Last year, as I began to dream of a generous benefactor who would help support the renovation of our magnificent but aging building, our community began a collective planning process for the new millennium. Residents, alumni, staff and our Board participated in six months of strategic planning that set the following goals for International House over the first five years of the new century:

• Support and extend the I-House Mission worldwide through the development of an interactive, on-line global community serving residents, alumni, members and staff. Ensure the development of appropriate technological systems and training.

• Develop International House as a leading resource center for the promotion of global literacy and intercultural understanding on campus.

• Develop and implement new programs designed to maximize interaction and learning among people from different cultural backgrounds.

• Complete the second phase of a ten-year major building renovation plan designed to enhance safety, modernize the facility, improve the use of space and provide increased access for the disabled.

• Increase the number of residents from developing countries and under-represented regions of the world to ensure a resident population reflecting broad international, ethnic and socio-economic diversity.

• Invest in staff through a program of training and professional development.

• Continue efforts to build consistency of our institutional image and strengthen the promotion of our services and purposes.

• Strengthen financial resources to expand the financial aid program, to fund new initiatives, and to build reserves.

While we will be spending this year developing specific strategies to help us reach the goals (in effect to predict the future!), I would like to discuss a few of our dreams with you here. One of the first priorities of our new Development and Alumni Relations Director, Kate McClintock, will be to work with our alumni and friends across the globe to see how we can serve you better while furthering the purposes of I-House. Getting in touch with long lost friends and helping support career development are two obvious areas in which we can help.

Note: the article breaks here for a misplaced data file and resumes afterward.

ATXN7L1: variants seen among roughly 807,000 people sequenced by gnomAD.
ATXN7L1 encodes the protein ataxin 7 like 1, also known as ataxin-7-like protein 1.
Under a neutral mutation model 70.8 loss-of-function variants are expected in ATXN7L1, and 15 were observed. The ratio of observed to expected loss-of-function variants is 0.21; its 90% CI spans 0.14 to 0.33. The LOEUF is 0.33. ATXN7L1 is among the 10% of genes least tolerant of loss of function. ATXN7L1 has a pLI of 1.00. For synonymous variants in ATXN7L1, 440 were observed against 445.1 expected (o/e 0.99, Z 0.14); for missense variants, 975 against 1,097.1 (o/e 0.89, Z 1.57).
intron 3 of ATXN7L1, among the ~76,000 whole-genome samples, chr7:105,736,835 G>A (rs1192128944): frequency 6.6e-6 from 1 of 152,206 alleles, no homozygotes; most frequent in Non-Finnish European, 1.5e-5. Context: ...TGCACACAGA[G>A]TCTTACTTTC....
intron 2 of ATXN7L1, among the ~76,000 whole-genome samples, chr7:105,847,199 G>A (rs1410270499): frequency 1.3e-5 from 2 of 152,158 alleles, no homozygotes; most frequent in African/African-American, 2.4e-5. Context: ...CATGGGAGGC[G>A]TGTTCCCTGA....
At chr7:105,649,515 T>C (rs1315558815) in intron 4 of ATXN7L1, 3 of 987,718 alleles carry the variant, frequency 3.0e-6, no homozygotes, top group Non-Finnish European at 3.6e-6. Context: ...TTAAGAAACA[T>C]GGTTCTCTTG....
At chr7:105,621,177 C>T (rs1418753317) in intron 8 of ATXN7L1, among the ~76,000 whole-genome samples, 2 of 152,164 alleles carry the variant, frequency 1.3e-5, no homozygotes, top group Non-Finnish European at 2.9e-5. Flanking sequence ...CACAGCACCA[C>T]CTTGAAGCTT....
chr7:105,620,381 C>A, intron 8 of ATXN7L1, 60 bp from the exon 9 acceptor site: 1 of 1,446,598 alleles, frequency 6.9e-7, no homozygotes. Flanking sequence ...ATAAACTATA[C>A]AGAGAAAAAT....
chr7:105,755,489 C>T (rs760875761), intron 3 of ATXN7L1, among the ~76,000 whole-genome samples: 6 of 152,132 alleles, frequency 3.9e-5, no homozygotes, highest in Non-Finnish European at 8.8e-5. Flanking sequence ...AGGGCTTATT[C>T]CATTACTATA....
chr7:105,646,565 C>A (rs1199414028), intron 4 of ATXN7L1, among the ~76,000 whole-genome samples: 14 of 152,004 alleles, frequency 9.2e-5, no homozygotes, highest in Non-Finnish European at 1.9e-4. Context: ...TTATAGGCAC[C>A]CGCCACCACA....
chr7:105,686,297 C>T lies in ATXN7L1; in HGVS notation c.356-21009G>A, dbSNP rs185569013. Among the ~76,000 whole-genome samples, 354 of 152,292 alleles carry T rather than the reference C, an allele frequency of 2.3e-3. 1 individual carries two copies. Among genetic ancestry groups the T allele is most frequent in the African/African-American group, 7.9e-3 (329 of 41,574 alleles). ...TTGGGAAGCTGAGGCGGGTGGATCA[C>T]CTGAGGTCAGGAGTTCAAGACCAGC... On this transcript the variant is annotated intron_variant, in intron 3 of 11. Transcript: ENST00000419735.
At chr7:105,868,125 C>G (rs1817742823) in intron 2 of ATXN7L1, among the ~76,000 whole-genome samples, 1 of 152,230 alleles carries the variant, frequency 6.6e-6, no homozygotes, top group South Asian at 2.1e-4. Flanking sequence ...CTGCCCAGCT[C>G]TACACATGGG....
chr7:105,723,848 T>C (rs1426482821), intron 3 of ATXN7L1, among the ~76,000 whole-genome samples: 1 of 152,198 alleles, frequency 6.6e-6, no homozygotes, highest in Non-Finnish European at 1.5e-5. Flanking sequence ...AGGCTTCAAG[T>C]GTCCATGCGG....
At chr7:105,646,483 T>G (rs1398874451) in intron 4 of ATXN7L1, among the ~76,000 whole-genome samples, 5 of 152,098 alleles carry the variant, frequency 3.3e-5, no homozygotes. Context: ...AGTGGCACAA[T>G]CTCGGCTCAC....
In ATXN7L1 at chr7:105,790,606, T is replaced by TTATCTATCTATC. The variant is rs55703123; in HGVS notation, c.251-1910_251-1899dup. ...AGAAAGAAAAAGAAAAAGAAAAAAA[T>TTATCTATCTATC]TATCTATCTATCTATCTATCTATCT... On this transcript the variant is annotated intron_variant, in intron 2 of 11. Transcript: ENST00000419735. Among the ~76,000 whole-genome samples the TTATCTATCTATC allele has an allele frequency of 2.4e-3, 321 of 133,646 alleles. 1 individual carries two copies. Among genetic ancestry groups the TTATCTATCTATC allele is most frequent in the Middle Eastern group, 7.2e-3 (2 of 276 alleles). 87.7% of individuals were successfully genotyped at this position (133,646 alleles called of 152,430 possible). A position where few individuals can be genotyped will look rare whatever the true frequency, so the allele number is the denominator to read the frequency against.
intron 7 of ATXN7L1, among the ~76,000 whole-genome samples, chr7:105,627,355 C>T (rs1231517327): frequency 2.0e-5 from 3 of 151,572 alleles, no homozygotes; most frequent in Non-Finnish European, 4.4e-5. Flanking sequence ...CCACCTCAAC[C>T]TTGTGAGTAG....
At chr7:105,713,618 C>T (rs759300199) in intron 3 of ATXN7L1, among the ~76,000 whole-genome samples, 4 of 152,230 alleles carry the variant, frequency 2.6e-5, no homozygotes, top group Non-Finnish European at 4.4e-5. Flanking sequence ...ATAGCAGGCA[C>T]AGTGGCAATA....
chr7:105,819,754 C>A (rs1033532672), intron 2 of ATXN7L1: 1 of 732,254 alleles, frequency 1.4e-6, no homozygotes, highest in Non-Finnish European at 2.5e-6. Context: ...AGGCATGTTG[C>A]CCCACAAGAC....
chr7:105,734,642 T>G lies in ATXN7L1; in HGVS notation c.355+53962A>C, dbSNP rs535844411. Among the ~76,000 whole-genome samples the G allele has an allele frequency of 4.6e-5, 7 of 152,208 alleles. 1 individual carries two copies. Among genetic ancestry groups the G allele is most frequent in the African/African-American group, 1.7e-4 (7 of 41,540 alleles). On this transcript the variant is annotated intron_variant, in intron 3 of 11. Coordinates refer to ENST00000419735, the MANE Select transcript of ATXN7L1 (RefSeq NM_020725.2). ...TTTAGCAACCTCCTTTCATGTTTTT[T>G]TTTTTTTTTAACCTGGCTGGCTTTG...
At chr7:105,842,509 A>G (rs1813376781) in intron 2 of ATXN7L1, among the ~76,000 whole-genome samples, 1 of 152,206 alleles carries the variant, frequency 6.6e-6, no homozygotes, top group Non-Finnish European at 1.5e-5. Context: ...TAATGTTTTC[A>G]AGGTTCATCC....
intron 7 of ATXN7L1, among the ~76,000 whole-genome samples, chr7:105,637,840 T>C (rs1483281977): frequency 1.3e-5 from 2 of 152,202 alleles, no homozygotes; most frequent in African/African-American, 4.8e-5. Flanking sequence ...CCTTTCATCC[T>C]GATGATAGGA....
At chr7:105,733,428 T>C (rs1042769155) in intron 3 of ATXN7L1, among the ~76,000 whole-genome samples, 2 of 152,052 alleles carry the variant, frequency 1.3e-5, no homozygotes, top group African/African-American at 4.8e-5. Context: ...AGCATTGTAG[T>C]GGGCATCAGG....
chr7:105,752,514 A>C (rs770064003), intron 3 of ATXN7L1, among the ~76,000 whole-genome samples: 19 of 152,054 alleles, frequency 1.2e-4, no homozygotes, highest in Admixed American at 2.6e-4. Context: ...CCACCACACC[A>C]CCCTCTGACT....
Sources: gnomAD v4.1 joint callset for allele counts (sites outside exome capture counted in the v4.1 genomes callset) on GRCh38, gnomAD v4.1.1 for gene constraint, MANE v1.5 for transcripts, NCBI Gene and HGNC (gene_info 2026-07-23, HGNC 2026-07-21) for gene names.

But I think we can do more- and we can be bold about it. How, for example, can an on-line I-House community worldwide help to shatter stereotypes, reduce bigotry and nurture excitement about difference? How can the collective experiences of our alumni contribute to a more sane, peaceful world? What wisdom, driven in part by the experience of living at I-House, can help to resolve ethnic, religious and racial conflicts around the world? In short, how can our worldwide community use the new explosion of information and the modern tools to connect as forces for good?

As many of you know, we have gotten off to a fine technological start. All offices and resident rooms now have direct access to the Internet. This information age metamorphosis is part of a ten-year renovation that our building is undergoing.

Now, about halfway through the project, I am pleased to report that we continue to make progress towards enhancing the safety of the House. As of this writing, we have raised $135,000 towards fulfilling a $300,000 seismic safety renovation challenge grant from the Mark Ross Foundation. We are working hard with alumni and friends to raise the remaining $168,000 by April 2000.


Other aspects of our ten-year renovation plan were given a significant boost with the recent receipt of a $250,000 grant from the Bernard Osher Foundation to renovate a significant part of our dining room. In addition, we received a very generous lead gift of $100,000 from the Clarence E. Heller Foundation that will help support the restoration and improvement of the Clarence Heller Patio. Complicated drainage and landscape work plus the provision of access for the disabled will entail expenses of about $400,000.

When you read the "Electric Chairs Shock!" essay of Victor Santiago Pineda, a current resident of Venezuela, I know you will understand why we have put such a high priority on providing easy access for the disabled in all parts of the building.

I will look forward to exchanging information and ideas with you about these and other projects as we enter the new century, our 70th anniversary year. And for those of you who have not visited Berkeley for some time, we hope that you will let us know when your travels will bring you this way. It would be a pleasure to welcome you back, and it would be a wonderful opportunity to have your on-the-spot thoughts and dreams for International House, as it turns the century's corner.

Joseph Lurie
Executive Director